Brian Stoffel: Where I grew up, I went to high school that was very diverse, ethnically, racially, and socioeconomically. Fun side fact, Oprah, actually, went to my high school. What I experienced was I reached a certain point, and it wasn't being part of the community that was important anymore. Once I got to high school, it was having a good enough job and having this and that. They ruined the social fabric that held our community together, once that happened, and so I had a very negative relationship with money, and then I think what happened later on was you become an adult, and you realize if you want a certain level of freedom, there's a certain level of money that's necessary for that. There's just no getting around that, and so it's just been a continual evolution of that thought.

To wrap it up, I want to get to the question that, I love this, on one of your most recent podcasts, you talked about how much is enough. That is the one question that I have focused on the most in my work at The Motley Fool, and we have another author who I highly suggest that you read if you get a chance. His name is Morgan Housel, who wrote a book called The Psychology of Money, and he talks about that as well. He brings up the same story you did, where Joseph Heller is at a party, and someone asked him, how do you feel about the fact that this hedge fund manager is going to make more in a day than you made from all of the sales of your books. He says, "I've got something that he'll never have, and that's enough." How do you think about that? I actually have my own thoughts, but I'm really curious because you've got way more experience with this. How do you approach the question of "Is this enough?"

Martha Beck: It's interesting because I had slightly different experience than you did because I'm a cis female, and you're a cis male, and you're in what I call the man cage. This was my whole dissertation topic as a doctoral candidate at a little school called Harvard [inaudible]. [laughs] What happens with women is we know we need money, but we also are groomed to be caretakers and to put relationships very high on the list of values, and to give ourselves a break if we're running out of steam. Actually not, but at least, there's the whole self-care thing. Max Weber, the first great sociologist called it the iron cage of rationalism. If wealth becomes the only priority, man become a form of cannon fodder. He might as well be sent to war because you're sent into the machine that manufactures more wealth, and it doesn't take care of the different aspects of human psychology. What's happened to you is that you got caught in a man cage, and you're only allowed to do things that make money, and you're responsible for other people.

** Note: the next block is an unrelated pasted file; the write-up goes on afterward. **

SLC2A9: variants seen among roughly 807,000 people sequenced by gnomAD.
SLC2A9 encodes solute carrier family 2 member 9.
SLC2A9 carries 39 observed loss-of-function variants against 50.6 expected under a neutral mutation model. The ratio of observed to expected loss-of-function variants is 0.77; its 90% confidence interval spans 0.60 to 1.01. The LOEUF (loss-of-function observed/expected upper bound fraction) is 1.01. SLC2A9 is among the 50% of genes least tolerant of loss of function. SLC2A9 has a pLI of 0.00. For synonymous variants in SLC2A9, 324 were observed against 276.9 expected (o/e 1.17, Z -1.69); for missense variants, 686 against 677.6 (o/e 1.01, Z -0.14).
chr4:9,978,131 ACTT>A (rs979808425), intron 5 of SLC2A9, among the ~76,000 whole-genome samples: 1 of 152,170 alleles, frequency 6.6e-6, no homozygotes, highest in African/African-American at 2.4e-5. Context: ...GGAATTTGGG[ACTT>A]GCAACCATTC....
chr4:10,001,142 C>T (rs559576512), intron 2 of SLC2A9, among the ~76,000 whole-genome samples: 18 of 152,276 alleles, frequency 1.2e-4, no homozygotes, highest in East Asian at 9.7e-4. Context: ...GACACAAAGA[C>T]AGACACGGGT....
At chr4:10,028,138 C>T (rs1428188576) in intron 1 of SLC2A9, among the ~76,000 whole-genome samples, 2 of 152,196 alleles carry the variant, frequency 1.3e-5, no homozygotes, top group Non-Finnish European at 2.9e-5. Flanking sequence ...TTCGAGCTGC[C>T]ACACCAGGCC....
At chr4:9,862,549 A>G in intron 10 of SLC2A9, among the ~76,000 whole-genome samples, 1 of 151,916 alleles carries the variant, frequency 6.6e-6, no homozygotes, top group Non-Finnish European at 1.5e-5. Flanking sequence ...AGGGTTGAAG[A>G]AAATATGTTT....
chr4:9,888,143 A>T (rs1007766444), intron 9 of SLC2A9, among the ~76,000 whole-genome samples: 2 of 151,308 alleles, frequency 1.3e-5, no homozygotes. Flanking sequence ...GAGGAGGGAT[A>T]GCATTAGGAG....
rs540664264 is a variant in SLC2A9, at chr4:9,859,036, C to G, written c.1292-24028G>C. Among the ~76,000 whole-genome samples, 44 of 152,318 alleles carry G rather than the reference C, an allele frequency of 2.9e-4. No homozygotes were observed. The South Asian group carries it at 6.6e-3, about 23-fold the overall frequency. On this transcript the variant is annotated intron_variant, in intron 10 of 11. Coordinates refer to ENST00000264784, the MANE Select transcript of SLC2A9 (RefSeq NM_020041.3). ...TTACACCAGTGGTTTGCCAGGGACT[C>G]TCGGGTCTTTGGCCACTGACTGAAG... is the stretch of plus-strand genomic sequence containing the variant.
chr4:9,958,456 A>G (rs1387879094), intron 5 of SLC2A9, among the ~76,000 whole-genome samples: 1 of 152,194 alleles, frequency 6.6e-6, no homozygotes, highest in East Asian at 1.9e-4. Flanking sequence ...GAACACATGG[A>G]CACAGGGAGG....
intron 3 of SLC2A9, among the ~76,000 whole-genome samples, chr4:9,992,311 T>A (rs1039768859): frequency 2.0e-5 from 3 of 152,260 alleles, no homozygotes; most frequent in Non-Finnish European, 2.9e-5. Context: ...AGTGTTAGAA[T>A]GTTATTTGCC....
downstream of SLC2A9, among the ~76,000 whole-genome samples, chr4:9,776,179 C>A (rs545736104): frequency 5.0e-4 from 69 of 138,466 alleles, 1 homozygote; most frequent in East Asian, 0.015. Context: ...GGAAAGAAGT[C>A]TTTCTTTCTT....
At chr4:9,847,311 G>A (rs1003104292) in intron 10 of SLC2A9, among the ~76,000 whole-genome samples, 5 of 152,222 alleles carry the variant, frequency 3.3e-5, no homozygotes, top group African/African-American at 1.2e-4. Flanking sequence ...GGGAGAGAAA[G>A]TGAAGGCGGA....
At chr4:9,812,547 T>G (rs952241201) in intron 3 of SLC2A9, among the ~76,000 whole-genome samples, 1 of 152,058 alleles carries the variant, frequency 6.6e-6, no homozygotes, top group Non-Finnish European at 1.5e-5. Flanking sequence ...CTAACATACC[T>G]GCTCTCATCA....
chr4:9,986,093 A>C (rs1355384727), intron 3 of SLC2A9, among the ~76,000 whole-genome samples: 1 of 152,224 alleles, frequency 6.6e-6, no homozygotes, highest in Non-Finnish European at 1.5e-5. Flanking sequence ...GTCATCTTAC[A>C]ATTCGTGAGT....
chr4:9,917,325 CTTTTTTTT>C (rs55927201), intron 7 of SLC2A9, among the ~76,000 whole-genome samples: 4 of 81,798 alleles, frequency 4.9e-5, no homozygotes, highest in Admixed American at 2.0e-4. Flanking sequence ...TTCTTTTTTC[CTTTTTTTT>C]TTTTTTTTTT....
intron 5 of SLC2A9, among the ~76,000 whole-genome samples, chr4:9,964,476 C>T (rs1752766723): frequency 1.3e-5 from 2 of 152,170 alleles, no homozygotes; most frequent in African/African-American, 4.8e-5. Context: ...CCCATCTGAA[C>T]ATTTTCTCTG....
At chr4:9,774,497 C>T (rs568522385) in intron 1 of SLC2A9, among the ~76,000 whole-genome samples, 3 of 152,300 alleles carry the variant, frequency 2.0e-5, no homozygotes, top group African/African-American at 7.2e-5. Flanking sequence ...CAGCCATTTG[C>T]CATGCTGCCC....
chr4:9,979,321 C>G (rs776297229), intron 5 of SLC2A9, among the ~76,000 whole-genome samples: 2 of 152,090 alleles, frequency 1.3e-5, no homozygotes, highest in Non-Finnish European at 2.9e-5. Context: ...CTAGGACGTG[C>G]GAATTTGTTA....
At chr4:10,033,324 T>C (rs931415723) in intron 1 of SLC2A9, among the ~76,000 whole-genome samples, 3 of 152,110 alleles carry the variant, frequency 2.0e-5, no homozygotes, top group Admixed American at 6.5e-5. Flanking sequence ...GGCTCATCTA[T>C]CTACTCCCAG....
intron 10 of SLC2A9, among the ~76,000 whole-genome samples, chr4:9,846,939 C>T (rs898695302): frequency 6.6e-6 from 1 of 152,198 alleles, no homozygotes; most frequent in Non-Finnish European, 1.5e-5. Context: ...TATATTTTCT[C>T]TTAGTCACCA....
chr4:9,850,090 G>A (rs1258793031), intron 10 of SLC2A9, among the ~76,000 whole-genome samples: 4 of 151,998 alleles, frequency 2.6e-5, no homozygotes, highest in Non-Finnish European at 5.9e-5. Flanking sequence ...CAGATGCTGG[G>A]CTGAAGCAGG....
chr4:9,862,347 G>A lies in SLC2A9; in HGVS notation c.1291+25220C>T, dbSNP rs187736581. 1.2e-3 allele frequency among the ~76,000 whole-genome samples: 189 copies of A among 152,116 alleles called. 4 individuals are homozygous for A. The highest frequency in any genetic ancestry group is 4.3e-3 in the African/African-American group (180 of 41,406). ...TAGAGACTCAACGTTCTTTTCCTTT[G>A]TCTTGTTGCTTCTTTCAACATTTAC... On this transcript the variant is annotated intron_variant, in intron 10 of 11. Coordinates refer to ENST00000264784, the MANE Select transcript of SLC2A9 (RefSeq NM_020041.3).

Even love is held ransom. You have to make enough money. You're the guy. Some women feel this way, too. I was breadwinner for years. But men don't have a cultural option for saying, "I'm going to quit for 10 years and raise my kids," or, "That guy who made all that money and it wasn't enough never went to hiking again" What I believe in what I've told so many guys and women over the years is love sells better than hate. You basically are able to draw from this world the value you bring to it. If you're in a place you hate doing something you hate with people you hate, you're basically trying to sell hate. You can do it, but it's a really hard marketing project. If you're in a place you love with people you love, doing something you love, everything loves that and wants a piece of it.

I worked with someone once who worked with Gandhi, and she used to say you have no idea how much money it took to keep Gandhi poor. He was going to be poor, he was going to serve the world. He literally wove his own robe, whatever that was called. He started bringing this enormous value to the world, and money wanted to get at him. People donated, people sent things, people were contributing, and he actually had to have this huge machine of people around him to deflect money. He was there purely for the love, purely for the service. When you really go all in that way, and fortunately, thanks to my autoimmune illnesses, I had a chance to say I can only do a few things. I want to go all in with the things that make me happy, and I didn't know there was such a thing as coaching, but my business school students started paying me to talk to them about their lives, and I was, like, "It's working," and here we are 30 years later. Money loves love.

Brian Stoffel: That's amazing. There you go. I want to say that for those watching, go read this book, The Way of Integrity by Dr. Martha Beck. Is there anything else you want to leave us with? Anyone who's watching, who might find themselves in a situation where they've accomplished those things on the outside, they don't have great feelings on the inside and maybe one next right thing, one degree move they can make.

Martha Beck: I want to hit that idea of, are you comfortable, again. Go to a room where nobody's looking, sit down, get yourself physically comfortable, and then go through your whole life, and say [MUSIC] I'm I really comfortable? I'm I really enjoying this? If not, you can start taking those one degree turns and it will change everything.

Brian Stoffel: Dr. Martha Beck, we are so lucky to have you here. I hope it's not the last time. Thank you for joining us.

Christ Hill: As always, people on the program may have interest in the stocks they talk about, and The Motley Fool may have formal recommendations for or against, so don't buy or sell stocks based solely on what you hear. I'm Chris Hill, thanks for listening. We'll see you tomorrow.